Prometheus Trio’s noteworthy opener
The piano is a machine. It should sound pretty much the same whether you strike the keys with a mallet or poke them down with the eraser end of your pencil or play them with your fingers. But through some quirk of acoustics, mechanics or psychology, touch changes everything.
That struck home with particular force at a Prometheus Trio concert Monday night (Sept. 13). Violinist Tim Klabunde, cellist Scott Tisdel and pianist Stefanie Jacob opened with Haydn’s Trio in A-flat, from 1790. He wrote it for harpsichord, which really doesn’t respond to touch. Some pianists try to approximate harpsichord sound by playing more dryly, with marked articulation and space between the tones. Jacob let the piano be the piano, with all its richness and resonance. — except in the second movement. There, her deft touch on keys and pedals somehow made the Wisconsin Conservatory’s big Steinway sound exactly like a chiming little celesta. I have no idea how she did that, but it was perfect for the music-box delicacy of Haydn’s slow movement.
The performance overall was equally apt, as all three musicians got the witty contrast of high dudgeon and ditziness in the first movement and the crazy rhythms tucked into the ornaments of the breakneck finale, which always seems to be on the edge of a pratfall.
They brought a different sound and ethos to Fauré’s elegant Opus 120. The first movement flowed by rapidly but relaxed. They placed melodies placed just so, rhythmically, to give the impression of tunes sliding and gliding in the troughs and swells of the undulating, running accompaniment. They relaxed completely at the placid outset of the second movement, but put more of an edge on their sound as gradually as the composer sharpened the edge of the harmonies. The gnarly and abrupt finale hammered in an exclamation point as final as a nail.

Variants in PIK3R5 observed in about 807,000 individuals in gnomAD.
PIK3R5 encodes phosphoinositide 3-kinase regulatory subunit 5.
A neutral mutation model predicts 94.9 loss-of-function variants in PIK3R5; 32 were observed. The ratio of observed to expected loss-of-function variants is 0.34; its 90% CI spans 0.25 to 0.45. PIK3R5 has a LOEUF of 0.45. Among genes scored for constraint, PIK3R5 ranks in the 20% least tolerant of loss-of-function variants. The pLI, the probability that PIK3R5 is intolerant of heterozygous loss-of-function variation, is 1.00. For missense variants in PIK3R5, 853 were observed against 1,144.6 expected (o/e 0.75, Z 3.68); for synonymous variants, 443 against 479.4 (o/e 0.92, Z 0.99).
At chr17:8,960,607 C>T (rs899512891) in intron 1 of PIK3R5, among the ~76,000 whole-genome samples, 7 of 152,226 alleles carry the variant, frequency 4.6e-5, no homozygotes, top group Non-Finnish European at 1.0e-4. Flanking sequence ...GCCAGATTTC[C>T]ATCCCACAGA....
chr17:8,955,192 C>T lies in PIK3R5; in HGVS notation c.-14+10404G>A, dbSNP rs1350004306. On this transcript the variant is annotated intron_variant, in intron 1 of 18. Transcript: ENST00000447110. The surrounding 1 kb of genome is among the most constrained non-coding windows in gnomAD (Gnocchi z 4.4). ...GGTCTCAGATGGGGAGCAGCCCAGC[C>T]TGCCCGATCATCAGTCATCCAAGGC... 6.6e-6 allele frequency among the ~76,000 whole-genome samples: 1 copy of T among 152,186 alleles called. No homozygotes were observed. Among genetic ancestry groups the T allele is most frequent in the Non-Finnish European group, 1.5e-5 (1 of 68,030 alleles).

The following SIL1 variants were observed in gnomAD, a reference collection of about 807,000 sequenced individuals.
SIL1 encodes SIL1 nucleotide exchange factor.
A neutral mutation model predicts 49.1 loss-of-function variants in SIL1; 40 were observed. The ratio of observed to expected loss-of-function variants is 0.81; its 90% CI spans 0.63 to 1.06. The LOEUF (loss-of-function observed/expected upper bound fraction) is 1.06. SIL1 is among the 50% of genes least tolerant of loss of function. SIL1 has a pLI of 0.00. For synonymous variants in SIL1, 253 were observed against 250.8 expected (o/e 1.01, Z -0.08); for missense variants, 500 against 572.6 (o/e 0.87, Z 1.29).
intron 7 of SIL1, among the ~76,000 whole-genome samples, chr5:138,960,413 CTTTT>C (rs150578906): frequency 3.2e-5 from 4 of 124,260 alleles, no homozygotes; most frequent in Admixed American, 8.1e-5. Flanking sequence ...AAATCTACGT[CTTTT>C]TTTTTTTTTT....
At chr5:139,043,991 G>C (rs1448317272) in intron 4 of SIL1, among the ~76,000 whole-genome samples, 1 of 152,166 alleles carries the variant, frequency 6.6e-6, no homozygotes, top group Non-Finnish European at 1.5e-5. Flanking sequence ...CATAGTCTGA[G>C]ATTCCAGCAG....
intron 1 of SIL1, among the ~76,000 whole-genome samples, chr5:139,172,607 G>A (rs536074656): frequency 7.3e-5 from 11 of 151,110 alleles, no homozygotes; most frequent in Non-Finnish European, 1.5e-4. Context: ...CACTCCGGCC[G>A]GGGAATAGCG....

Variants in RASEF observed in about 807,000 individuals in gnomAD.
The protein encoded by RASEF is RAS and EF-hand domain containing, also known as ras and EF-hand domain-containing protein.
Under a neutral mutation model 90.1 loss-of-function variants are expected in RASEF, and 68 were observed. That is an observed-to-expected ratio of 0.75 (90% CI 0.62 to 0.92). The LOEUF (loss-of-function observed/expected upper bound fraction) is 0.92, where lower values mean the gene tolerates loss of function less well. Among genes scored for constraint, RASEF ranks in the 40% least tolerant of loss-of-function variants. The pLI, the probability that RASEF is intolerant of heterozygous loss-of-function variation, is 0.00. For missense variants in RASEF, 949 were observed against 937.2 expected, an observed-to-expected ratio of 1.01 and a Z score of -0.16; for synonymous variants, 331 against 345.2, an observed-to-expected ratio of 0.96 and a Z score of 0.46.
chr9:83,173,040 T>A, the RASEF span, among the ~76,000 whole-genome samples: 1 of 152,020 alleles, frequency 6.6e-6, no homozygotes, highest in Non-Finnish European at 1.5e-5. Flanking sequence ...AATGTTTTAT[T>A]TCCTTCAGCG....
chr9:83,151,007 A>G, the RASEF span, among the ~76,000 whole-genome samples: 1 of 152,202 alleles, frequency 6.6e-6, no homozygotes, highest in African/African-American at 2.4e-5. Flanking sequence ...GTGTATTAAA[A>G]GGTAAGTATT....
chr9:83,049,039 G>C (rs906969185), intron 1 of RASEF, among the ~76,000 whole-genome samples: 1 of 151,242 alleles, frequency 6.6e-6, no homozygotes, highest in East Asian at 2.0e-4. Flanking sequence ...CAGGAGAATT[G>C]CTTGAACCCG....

Klabunde, Tisdel and Jacob sustained the dramatic arc over all four movements, through all the varied moods and abundant musical materials. The repeated minor seconds vibrated through the first movement like some relentlessly trembling membrane. I admired the crazed jollity they drew from middle section (the trio, it’s called) of the second movement, and the feel of a ticking bomb they brought to the start of the variations movement (the detonations came in the third and fourth variations). Catharsis arrived in the finale, in the form of an explosive, yet high-minded dance, a Romantic apotheosis of the jig.
The audience in the Wisconsin Conservatory of Music’s little recital hall gave the three a rousing ovation. The players calmed us down with a luscious, buttery waltz of an encore by one Zdenek Fibich. Sweet.
Finally, I’d like to note Jacob’s program notes. She might be the best in town at this minor art because she mostly observes what she sees and hears in the music directly. An example, about Brahms’ finale: “Repeated 16th-notes build to a climax before giving way to a lilting, bucolic theme… These repeated 16ths return at every structural point, immediately preceding the joyous second subject, introducing the fugato that begins the development, and bubbling throughout the Animato coda…”
That little hint helps a listener locate himself within a very complicated piece of music. That’s what program notes should do.
This program repeats at 7:30 p.m. Tuesday, Sept. 14. More info here.